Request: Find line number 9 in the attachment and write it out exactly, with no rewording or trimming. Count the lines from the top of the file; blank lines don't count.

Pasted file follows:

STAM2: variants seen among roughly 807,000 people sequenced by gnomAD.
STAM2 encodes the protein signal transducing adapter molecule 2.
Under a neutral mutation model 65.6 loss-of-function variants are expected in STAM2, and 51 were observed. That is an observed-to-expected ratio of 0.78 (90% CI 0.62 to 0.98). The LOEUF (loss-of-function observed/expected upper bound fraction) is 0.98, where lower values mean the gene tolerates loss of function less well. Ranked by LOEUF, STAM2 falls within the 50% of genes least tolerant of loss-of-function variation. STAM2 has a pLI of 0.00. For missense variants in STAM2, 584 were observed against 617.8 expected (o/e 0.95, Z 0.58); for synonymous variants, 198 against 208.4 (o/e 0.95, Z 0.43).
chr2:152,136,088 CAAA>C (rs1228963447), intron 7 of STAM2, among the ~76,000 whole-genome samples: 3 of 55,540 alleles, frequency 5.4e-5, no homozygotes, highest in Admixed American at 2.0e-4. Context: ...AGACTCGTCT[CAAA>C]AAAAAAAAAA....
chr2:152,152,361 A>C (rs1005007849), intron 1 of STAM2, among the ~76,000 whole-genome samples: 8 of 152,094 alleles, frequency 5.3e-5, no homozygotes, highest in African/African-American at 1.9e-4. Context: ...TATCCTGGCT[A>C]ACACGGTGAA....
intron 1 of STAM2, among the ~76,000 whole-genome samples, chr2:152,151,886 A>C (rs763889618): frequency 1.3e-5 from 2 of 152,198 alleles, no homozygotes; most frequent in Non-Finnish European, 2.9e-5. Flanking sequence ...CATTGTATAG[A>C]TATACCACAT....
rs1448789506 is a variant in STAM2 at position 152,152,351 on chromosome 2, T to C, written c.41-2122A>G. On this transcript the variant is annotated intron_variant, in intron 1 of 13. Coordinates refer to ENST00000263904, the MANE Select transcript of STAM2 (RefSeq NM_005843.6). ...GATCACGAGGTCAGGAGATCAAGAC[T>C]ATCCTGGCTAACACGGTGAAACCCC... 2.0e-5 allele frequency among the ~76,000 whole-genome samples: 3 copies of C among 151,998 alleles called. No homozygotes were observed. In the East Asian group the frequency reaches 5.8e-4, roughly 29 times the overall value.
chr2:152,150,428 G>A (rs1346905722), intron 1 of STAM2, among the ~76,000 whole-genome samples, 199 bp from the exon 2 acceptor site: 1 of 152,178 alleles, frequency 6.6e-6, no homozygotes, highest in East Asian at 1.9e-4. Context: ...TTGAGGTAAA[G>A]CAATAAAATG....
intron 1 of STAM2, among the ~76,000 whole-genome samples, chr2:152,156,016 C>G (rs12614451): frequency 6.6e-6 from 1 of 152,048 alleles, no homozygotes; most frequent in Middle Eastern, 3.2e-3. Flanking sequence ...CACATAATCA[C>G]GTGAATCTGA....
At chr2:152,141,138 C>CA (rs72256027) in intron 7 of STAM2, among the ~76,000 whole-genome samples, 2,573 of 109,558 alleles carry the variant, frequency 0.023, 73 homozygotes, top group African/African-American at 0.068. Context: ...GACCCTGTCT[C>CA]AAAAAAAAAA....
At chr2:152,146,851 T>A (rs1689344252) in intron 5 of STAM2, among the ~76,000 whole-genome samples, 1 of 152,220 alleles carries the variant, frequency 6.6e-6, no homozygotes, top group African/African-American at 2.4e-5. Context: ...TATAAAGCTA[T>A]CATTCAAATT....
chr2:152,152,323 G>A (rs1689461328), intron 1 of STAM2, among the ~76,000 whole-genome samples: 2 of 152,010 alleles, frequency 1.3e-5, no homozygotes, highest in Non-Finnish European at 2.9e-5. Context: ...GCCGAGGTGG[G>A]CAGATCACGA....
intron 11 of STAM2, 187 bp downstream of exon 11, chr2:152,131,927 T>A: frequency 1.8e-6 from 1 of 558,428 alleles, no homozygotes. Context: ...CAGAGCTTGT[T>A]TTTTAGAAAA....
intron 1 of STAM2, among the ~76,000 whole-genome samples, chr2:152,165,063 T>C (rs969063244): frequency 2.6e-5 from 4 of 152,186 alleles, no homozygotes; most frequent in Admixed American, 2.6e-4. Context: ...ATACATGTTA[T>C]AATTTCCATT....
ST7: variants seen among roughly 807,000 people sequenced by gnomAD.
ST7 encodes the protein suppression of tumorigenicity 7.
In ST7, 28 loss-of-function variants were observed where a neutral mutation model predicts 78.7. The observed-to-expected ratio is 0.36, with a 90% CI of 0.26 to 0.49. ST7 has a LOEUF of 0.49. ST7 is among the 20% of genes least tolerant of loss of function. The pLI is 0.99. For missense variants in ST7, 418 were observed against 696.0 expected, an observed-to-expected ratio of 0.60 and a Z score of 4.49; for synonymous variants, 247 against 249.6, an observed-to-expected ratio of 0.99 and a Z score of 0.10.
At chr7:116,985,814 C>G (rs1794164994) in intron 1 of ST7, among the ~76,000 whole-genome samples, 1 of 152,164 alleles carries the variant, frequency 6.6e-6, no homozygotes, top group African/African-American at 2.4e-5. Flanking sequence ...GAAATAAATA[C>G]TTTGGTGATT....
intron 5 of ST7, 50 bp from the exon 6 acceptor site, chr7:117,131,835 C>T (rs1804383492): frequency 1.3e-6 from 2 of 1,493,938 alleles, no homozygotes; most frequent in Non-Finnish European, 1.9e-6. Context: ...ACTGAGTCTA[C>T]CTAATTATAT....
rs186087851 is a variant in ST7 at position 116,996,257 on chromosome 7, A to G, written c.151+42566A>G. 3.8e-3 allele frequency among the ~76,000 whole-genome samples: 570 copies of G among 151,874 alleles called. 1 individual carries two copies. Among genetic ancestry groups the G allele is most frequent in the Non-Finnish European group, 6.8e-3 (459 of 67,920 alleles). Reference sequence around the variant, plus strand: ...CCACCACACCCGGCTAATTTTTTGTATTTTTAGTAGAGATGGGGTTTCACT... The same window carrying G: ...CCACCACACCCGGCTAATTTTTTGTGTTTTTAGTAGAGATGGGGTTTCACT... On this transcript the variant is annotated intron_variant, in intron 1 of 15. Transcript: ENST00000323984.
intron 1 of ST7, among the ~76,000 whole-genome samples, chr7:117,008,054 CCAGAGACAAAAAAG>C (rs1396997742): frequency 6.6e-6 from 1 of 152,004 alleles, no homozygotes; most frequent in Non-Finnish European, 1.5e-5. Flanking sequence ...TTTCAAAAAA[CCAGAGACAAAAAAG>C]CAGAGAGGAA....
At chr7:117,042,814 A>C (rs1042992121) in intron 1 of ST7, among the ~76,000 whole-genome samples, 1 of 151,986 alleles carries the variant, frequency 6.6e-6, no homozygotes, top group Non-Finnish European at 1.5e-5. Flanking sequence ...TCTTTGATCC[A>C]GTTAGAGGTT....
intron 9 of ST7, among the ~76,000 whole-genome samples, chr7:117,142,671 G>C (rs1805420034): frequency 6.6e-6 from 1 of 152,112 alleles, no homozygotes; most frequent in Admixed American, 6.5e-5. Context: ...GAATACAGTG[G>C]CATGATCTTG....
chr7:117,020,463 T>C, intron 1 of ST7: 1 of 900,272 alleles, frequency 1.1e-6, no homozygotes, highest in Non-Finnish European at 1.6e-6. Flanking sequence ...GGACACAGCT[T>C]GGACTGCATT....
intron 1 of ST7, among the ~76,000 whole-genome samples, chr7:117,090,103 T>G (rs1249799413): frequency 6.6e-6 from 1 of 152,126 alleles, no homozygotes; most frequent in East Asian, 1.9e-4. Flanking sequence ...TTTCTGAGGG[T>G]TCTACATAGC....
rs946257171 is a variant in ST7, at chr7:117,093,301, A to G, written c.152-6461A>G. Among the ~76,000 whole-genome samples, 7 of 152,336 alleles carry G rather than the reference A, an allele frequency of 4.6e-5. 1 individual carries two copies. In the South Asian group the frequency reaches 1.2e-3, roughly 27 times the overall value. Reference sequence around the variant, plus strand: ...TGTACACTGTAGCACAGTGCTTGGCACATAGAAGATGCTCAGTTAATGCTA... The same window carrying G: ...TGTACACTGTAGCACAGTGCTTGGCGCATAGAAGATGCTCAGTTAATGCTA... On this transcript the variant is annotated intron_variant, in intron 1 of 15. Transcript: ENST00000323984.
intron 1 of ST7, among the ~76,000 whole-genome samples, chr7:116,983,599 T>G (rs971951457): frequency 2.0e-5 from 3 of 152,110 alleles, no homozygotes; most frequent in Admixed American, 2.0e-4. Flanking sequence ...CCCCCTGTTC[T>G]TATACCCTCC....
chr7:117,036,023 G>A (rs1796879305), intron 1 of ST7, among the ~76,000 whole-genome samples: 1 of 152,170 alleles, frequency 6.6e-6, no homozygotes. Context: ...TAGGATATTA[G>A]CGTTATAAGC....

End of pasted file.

intron 1 of STAM2, among the ~76,000 whole-genome samples, chr2:152,156,016 C>G (rs12614451): frequency 6.6e-6 from 1 of 152,048 alleles, no homozygotes; most frequent in Middle Eastern, 3.2e-3. Flanking sequence ...CACATAATCA[C>G]GTGAATCTGA....